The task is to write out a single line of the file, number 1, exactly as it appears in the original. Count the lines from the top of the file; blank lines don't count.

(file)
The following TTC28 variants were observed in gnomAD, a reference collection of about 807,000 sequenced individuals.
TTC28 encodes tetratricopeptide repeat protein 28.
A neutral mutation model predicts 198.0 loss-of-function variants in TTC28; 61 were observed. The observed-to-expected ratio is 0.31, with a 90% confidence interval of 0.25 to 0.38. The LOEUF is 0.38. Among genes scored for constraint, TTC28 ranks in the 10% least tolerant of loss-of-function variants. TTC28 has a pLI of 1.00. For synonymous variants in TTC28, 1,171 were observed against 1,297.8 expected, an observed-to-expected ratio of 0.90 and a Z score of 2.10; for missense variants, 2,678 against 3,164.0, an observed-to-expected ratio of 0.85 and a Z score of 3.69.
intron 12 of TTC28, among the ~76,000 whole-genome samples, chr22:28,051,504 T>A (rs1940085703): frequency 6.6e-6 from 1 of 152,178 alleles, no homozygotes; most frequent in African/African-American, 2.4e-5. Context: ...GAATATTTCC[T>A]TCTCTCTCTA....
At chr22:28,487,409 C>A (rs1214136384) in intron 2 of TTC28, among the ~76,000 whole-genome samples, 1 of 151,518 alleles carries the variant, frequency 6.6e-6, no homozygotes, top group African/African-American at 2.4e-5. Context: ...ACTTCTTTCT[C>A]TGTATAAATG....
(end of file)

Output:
The following TTC28 variants were observed in gnomAD, a reference collection of about 807,000 sequenced individuals.